• Paul48Paul48 Member Posts: 4,492
    ?

    Got a flow check above that boiler?
  • travis9791travis9791 Member Posts: 11
    edited January 2013
    were getting somewhere now

    So i think that you hit the nail right on the head. I must be getting flow from gravity and migration of heat. To confirm that this is the problem after the boiler warmed up to 145 and shut down i closed the valves on the supply and return and also closed off the domestic water outlet.  The boiler has been off for an hour now and i have only lost five degrees.  Whereas before i was losing 25 degrees in 15 minutes. I thought i had  flow check lines on the return lines to the boiler they were ther in the previous plumbing and i left them in when we replumbed the new boiler. i am posting some pics in hopes you can tell me what they are.



     I was also wondering where these valves should be in the system.



    one other question i had was if i would benefit of putting a thermal trap on the hot water outlet for dhw.  I noticed now that it is in the diagram for the boiler.  we just piped straight up to the hot water.
  • Paul48Paul48 Member Posts: 4,492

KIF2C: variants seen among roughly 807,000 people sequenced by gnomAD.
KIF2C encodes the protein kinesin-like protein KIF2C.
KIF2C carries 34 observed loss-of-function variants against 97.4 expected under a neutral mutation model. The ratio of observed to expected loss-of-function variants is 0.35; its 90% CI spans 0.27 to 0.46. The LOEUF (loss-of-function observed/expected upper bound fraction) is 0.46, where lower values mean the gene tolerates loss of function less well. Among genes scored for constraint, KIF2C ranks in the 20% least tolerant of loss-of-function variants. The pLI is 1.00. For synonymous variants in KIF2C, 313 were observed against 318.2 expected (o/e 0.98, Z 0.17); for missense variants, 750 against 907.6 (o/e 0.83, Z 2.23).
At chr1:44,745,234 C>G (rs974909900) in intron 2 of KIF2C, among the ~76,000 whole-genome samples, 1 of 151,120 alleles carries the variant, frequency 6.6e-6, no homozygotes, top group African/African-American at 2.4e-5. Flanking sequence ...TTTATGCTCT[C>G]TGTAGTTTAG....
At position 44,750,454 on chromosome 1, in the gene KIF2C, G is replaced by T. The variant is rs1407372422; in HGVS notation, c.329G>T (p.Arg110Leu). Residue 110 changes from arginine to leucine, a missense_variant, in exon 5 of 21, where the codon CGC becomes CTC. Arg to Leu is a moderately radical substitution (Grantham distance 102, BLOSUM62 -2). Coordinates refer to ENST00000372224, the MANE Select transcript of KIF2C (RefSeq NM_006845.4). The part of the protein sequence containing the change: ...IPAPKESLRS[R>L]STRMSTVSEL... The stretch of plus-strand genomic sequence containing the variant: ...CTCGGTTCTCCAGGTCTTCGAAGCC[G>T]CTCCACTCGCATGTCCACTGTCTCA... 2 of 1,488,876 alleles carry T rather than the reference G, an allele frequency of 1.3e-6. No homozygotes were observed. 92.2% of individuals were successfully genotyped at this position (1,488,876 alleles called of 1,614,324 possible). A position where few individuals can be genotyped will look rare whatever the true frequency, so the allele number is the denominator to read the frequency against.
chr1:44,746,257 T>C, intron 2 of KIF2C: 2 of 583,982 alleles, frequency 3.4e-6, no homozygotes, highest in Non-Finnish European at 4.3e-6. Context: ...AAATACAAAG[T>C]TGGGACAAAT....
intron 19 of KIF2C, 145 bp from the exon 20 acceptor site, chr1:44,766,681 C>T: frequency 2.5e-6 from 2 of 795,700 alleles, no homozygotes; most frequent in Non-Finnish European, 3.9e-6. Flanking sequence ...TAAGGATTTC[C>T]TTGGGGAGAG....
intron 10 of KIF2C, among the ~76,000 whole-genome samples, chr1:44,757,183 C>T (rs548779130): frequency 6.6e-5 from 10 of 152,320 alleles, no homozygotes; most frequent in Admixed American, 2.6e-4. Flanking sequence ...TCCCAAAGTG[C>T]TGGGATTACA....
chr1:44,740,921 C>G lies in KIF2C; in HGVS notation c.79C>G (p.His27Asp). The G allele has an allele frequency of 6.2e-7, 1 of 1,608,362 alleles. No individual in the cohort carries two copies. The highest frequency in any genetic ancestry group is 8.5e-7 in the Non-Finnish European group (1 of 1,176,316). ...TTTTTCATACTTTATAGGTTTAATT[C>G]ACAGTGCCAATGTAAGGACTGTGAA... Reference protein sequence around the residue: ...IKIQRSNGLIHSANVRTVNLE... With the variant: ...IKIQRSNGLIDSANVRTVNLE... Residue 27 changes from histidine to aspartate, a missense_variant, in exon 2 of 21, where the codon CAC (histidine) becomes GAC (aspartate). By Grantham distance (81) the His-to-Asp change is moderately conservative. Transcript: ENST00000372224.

They

    appear to be swing checks, and I have no idea why they're there. They won't stop gravity circulation, as you already know.Back up, and take some pictures so we can see the near boiler piping. We can blow the pics up if we need to.
  • travis9791travis9791 Member Posts: 11
    more pics

    Here are  more pictures. I know i still need to install a tempering valve; and also a flow controller going into the coil. They will be going in this weekend. By the time we realized we didn't have them last weekend the supply house was closed. The manifolds that you see in the pictures are for baseboard heaters i plan on adding to the system later.



     i was wondering what a swing check is. The t that you see them on are where the two return lines come together and go into the boiler.





    Thanks

    Travis
  • Paul48Paul48 Member Posts: 4,492
    FloChek

    Put this where you turn 90 degrees coming out of the top of the boiler. The extra hole gets plugged.It has some weight and will stop gravity flow, but will easily open with flow from the circ.  http://www.taco-hvac.com/en/products/Flo-Chek/products.html?current_category=183